• The Michael Burger 1998 version high a highest possible score of 15 (five points in Round 1, ten for Round 2).
  • Catchphrase:
    • "Get ready to match the stars!"
    • Rayburn typically said "Slide it, Earl!" ("Orrie" later in the run) when asking to reveal the $500 answer in the Super Match.
    • Sometimes when the questions got a little too un-PC, Charles and/or Brett would say "We're gonna get letters..."
    • For Brett, it was "Good Gravy Marie!”(or occasionally, “Criminy Dutch!”)
    • Whenever neither contestant made any matches during the first round, Gene would point to the 0-0 and say "My, we have a real pitcher's duel going on here!"
    • Sometimes Richard would give his answer as "El-_______-O."
    • In the Canadian reboot, Sean Cullen has "What I was going to say was... (ridiculous answer)."
    • In the original, a lot of celebs would say "I was going to say (contestant's answer) but I said (another answer) instead because (reasons)." Sometimes subverted by "I was going to say (contestant's answer) and I did!"
    • Gene, introducing a question: "<Subject> was so <adjective>..." is expected to be met with the audience, contestants, and panelists interjecting "HOW <ADJECTIVE> WAS HE/SHE?" before Gene finishes the question. If the audience's timing was off, Gene would sometimes give the audience another shot, and at other times he would say something indicative of the audience's half-hearted effort, dismiss the audience's half-hearted response and continue to read the question.
    • When a new celebrity was introduced on the panel, Gene would say "We have a new kid on the block", followed by (if it was a woman) spraying his mouth with breath freshener to prepare for a kiss.
    • "Now, wait a minute...", said by Gene when the audience booed any answer that he thought was reasonable.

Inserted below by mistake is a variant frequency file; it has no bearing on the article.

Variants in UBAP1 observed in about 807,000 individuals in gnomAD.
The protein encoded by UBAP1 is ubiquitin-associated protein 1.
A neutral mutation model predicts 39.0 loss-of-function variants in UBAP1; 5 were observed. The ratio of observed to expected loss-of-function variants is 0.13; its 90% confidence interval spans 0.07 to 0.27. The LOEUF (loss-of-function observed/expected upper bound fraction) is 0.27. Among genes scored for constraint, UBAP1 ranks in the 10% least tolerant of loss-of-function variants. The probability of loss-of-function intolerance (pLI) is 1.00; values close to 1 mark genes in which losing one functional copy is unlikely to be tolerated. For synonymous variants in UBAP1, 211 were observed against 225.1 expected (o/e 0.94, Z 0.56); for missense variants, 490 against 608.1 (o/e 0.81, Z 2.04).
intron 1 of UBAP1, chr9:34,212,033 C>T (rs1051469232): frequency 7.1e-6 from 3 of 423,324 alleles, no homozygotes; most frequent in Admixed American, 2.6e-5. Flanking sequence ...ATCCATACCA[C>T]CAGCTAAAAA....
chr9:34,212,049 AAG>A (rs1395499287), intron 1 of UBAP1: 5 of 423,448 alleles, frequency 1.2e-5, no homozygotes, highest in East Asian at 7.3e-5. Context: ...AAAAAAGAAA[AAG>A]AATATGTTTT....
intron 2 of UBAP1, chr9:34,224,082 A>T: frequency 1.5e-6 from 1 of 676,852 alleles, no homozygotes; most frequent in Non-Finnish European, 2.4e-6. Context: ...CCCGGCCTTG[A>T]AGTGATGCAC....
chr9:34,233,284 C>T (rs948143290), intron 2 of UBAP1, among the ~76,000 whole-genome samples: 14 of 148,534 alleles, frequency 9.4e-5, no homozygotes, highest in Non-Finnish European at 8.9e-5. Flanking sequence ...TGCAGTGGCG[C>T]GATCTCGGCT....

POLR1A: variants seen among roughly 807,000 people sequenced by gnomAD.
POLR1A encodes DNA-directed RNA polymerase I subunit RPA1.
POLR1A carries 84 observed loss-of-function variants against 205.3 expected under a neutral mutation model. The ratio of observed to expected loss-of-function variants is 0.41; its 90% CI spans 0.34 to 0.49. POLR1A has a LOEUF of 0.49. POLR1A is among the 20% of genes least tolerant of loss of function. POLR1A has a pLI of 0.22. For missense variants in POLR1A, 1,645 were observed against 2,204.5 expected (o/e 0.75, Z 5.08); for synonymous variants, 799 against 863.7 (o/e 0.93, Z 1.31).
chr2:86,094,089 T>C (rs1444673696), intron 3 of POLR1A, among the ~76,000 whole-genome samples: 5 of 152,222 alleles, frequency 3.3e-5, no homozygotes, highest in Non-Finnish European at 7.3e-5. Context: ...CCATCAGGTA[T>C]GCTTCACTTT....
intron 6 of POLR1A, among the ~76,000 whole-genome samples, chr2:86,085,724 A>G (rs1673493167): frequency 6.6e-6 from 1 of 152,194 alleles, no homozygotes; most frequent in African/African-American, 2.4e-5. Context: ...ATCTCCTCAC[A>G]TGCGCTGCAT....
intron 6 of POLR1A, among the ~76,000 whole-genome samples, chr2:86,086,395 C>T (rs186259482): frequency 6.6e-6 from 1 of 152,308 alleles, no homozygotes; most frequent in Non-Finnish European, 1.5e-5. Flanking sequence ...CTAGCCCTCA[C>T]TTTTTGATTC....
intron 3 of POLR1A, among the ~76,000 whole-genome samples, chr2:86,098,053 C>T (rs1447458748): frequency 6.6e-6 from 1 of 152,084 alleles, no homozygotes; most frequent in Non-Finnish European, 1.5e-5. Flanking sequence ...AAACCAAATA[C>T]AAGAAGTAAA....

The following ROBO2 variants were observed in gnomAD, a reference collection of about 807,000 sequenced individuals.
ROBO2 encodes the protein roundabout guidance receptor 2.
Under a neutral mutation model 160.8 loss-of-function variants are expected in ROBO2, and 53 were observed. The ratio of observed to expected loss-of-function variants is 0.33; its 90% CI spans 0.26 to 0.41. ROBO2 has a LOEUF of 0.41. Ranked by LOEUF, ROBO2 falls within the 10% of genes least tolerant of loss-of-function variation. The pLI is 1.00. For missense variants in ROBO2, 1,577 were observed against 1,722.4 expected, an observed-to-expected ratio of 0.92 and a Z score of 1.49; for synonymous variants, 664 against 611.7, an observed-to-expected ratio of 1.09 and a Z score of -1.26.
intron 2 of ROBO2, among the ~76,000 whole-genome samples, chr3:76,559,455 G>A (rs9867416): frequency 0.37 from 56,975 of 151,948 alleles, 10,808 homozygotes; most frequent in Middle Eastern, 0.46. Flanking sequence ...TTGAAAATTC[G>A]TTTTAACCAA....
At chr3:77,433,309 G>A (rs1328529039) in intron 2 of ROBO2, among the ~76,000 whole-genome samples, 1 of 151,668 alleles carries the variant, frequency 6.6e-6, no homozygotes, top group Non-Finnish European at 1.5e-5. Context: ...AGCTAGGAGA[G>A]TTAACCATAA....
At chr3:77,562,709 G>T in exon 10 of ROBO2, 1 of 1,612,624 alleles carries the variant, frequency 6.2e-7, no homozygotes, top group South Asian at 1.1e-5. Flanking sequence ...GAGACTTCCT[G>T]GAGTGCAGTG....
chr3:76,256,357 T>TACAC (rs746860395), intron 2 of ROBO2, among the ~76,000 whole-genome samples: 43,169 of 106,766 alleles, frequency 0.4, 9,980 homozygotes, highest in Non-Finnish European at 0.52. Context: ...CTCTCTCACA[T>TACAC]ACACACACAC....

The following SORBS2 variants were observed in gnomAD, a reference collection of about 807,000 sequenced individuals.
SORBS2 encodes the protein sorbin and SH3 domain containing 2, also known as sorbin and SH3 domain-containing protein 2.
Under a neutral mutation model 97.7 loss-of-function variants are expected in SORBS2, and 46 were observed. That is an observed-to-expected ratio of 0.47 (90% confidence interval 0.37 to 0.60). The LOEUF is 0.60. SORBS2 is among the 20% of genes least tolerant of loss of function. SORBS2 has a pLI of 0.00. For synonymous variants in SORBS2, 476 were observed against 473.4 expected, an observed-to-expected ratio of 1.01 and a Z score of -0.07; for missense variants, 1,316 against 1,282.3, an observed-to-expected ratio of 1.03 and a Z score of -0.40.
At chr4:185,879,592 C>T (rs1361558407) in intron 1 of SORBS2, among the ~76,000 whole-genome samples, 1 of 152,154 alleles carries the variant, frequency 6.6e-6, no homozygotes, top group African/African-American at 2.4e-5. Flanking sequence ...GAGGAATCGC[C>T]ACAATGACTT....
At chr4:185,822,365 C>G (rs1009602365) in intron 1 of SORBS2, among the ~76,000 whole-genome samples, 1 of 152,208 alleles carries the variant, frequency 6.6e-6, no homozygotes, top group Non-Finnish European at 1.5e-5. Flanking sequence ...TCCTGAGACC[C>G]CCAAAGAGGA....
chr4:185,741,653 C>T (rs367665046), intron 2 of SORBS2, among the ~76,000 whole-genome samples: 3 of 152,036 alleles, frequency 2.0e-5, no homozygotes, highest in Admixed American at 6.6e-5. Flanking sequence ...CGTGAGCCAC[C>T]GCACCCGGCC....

• "But first, we gotta do a little business with America", whenever Gene throws to commercial.note 
    • "No help audience. We appreciate your help, but your answers may be rotten", Gene during the Head-to-Head Match.
    • "Get your own show." Usually said by Gene to a contestant hollering in the audience.
    • Gene, when introducing a new contestant: “Please welcome *name*, applause applause applause.”
    • On the 1990 version, Vicki Lawrence was fond of saying “There’s a veritable plethora of answers!”
  • Censored for Comedy: From which the majority of the humor is derived.
  • Cloudcuckoolander:
    • Patti Deutsch is probably the best example among the panelists. Her answers generally had some sort of warped internal logic to them, but they were still far removed from anything either the contestants or the other regular panelists might offer. In some cases her answers may have been more entertaining for their bizarreness, but it did undermine the goal of giving an answer which the six panelists would match if one panelist had a penchant for extremely unlikely answers.
      • To her credit, she usually gave the oddball answers only in the first round, usually constructed with questions which had more than one obvious fill to the blank..
      • Even better, sometimes Patti would be the only one to match a particularly crazy response from the contestant.
      • Sometimes her answer was crazy only in an Expospeak Gag manner, such as when she matched the contestant's response "nose" by writing down "nasal extremity." Hey, a match is a match is a match.
    • McLean Stevenson was this whenever he was on, as his antics were much more outlandish than most of the other regular panelists and he seemed to have trouble keeping still. This includes once doing the show half naked and in a later episode pretending to make out with Gene Rayburn.
    • Soap star Jacklyn Zeman filled this role on the 1990 version.
    • Emma Hunter fills this role on the 2012 Canadian reboot.
    • And then there's Joyce Bulifant. (Junk...yard...)
    • Caroline Rhea, among others, is this in the 2016 revival.
    • Generally speaking, the person in the sixth spot is the most likely to have a weird answer. In addition to Deutsch and Bulifant, the iconic 1973-82 run also featured Fannie Flagg. Notable aversions to this rule included Marcia Wallace and Betty White.
  • Confetti Drop: Unlike most game shows, it doesn't apply to "big winner" scenarios, but instead to the New Year's Eve episodes when the number at the end of the sign signifying the current year was changed. A boatload of balloons, confetti and streamers would fall on the stage and on the audience (for the first year this was done, there weren't any balloons used; for the change from '74 to '75, a giant balloon was also used).